diamond geezer

 Saturday, May 25, 2024

There are seven pedestrian crossings at the Bow Roundabout.
All of them have buttons, but only three are worth pressing.

This one's worthwhile.

This is the crossing at the entrance to Bow Road. I took this photo coming home from the supermarket yesterday. You have to press the button or the traffic feeding off the roundabout never stops. Sometimes the traffic's quiet enough that you can dash across but if you want to play it safe the button is essential. It always stops the traffic at the same point in the cycle, just as the northbound A12 sliproad gets the green light, and the button always works.

However this one's useless.

This is the crossing at the exit from Bow Road alongside the McDonald's drive-through. I took this photo coming home from the supermarket yesterday. It has a button but there is absolutely no point in pressing it - the traffic stops anyway and it doesn't speed things up.

This one's useless too.

This is the crossing underneath the Bow Flyover leading to the centre of the roundabout. It has a button but there is absolutely no point in pressing it - the traffic stops anyway and it doesn't speed things up.

And what's interesting is that people generally don't realise this and press the buttons anyway. Parents heading to the shops press the buttons. Worshippers off to the mosque press the buttons. Children on their way to school press the buttons. This is despite the fact that many of these people use the crossings regularly and the buttons have been pointless for almost ten years.

These are the seven crossings, shown in yellow.
The three with useful buttons have a ✔.
The four with useless buttons have a ✘.

The difference is all down to whether the pedestrian crossings are at traffic lights or not. The four ✘s are at lights which control traffic on the roundabout. Cars and vehicles stop here anyway, and pedestrians simply cross the road while traffic's being held at red. The three ✔s are at additional crossings which had to be added to ensure pedestrian flow across the interchange was possible. Cars and vehicles only stop here if pedestrians request it, potentially slowing traffic in the vicinity of the roundabout.

And pedestrians generally don't realise any of this, why would they? I know because it's my local roundabout and I've used these crossings many hundreds of times since 2015. I know because the phasing of the lights at the Bow Roundabout never varies - the cycle's always 64 seconds long and a mere pedestrian cannot speed things up. I know because I'm observant and I like analysing systems. I know not to press the four duff buttons, only the three useful ones, but I am very much in the minority.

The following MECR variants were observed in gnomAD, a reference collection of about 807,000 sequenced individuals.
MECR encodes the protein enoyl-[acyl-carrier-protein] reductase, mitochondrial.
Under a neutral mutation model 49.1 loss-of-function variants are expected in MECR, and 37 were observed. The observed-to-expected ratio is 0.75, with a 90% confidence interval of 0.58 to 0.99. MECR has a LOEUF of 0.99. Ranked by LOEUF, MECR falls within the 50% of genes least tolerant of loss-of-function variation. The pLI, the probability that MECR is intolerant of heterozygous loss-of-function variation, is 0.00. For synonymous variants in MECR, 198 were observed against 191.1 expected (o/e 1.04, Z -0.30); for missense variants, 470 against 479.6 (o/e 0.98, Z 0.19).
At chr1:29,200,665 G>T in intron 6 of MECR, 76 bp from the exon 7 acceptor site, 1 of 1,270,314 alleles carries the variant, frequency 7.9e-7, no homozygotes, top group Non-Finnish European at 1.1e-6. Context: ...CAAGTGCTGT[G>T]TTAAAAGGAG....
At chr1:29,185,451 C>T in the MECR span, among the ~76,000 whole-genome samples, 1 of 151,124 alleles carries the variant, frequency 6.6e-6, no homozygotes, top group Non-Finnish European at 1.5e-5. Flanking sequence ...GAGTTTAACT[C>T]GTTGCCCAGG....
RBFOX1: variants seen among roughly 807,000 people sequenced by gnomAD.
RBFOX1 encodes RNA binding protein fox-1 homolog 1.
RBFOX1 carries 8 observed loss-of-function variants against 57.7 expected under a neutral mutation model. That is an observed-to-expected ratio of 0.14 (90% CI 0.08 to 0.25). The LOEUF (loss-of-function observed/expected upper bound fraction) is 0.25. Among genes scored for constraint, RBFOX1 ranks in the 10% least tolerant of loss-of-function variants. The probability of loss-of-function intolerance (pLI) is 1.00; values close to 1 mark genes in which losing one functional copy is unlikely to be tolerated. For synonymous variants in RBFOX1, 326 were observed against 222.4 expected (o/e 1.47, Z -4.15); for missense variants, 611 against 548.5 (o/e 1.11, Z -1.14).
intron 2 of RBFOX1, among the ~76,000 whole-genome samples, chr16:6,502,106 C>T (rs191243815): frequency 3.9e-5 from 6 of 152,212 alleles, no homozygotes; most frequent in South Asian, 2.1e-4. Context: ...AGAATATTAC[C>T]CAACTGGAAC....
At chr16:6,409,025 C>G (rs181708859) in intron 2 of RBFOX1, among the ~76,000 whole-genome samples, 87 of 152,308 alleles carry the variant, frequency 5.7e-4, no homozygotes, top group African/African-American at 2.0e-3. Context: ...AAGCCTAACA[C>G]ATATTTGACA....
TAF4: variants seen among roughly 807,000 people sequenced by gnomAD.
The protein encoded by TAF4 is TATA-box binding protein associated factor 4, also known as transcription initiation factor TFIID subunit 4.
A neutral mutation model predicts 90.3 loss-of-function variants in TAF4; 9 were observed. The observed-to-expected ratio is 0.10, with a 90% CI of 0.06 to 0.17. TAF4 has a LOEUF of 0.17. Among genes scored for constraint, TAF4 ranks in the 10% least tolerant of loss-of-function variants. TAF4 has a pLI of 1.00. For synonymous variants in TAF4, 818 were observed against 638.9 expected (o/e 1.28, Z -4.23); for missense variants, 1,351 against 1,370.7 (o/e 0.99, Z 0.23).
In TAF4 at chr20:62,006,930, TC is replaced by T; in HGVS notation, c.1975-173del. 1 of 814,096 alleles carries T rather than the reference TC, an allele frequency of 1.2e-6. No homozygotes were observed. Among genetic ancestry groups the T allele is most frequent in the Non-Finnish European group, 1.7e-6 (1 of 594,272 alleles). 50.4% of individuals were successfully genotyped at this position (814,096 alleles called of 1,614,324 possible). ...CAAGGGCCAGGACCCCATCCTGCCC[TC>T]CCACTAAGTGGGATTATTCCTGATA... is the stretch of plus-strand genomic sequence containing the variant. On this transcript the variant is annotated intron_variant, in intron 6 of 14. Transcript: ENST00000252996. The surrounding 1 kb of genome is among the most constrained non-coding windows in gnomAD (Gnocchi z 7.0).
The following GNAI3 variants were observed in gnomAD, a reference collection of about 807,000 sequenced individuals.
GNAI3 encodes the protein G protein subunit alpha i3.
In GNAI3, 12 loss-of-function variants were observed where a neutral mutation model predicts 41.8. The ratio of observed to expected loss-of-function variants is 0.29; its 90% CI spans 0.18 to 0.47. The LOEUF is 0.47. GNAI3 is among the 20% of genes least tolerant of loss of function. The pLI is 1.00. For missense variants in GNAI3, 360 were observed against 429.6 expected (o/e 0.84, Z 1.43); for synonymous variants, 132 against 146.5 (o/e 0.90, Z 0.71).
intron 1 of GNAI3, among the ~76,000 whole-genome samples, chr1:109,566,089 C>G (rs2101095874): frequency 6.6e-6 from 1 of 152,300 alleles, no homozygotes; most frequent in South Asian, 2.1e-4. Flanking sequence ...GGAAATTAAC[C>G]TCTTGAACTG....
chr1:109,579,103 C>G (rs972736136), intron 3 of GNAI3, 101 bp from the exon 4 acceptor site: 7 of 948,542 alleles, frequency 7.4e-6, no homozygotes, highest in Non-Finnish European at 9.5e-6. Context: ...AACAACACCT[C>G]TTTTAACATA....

London contains many types of button-operated pedestrian crossing but they all boil down to one of two types - those where the button stops the traffic and those where the traffic was always going to stop anyway. The Bow Roundabout has both.
In the latter case what the button often does is speed up how quickly the traffic stops, which effectively creates a third category.
London is full of type 1 and type 2 crossings, those where pressing the button matters. These include pretty much every standalone pedestrian crossing and also those at the majority of traffic lights. But sprinkled inbetween are the pointless buttons, the ones you never needed to press but doing so probably made you feel more in control.

I've also found a really annoying type 3 variant, where the traffic stops anyway but the green man doesn't light up.

This is the junction of Prince Regent Lane with the A13 in Canning Town. There are multiple pedestrian crossings here, as befits a junction on a major arterial dual carriageway, but whoever programmed these lights did something particularly sly. The red man displays permanently, even while traffic is safely stopped at a red light, and you'll never see it turn green unless someone presses the button.

I timed the lights and it turns out traffic waits patiently here for a full minute waiting to exit Prince Regent Lane. But if a pedestrian turns up at any time during that minute they'll see a red man, not green, which is very much not what happens at any normal crossing. They could cross safely but won't discover this unless they press the button, and even then it doesn't change to green immediately by which time they could have been on the far side.

Not only is this wasting people's time unnecessarily it's also potentially dangerous. A lot of pedestrians use the change from green man to red man as a signal that they ought to hurry up and get across. If that change never happens and you decide to dash across on red, perhaps because the traffic hasn't moved in ages, you could all too easily be surprised when a car starts accelerating towards you. Other junctions on the A13 in Newham are like this too, as if the area's had its traffic lights programmed by sadists.

So keep an eye out if you're walking around town and attempting to cross a busy road at a pedestrian crossing. Sometimes that button has absolutely no effect, and other times you'll never see the green man unless you press it. Just occasionally we pedestrians are being played for fools.

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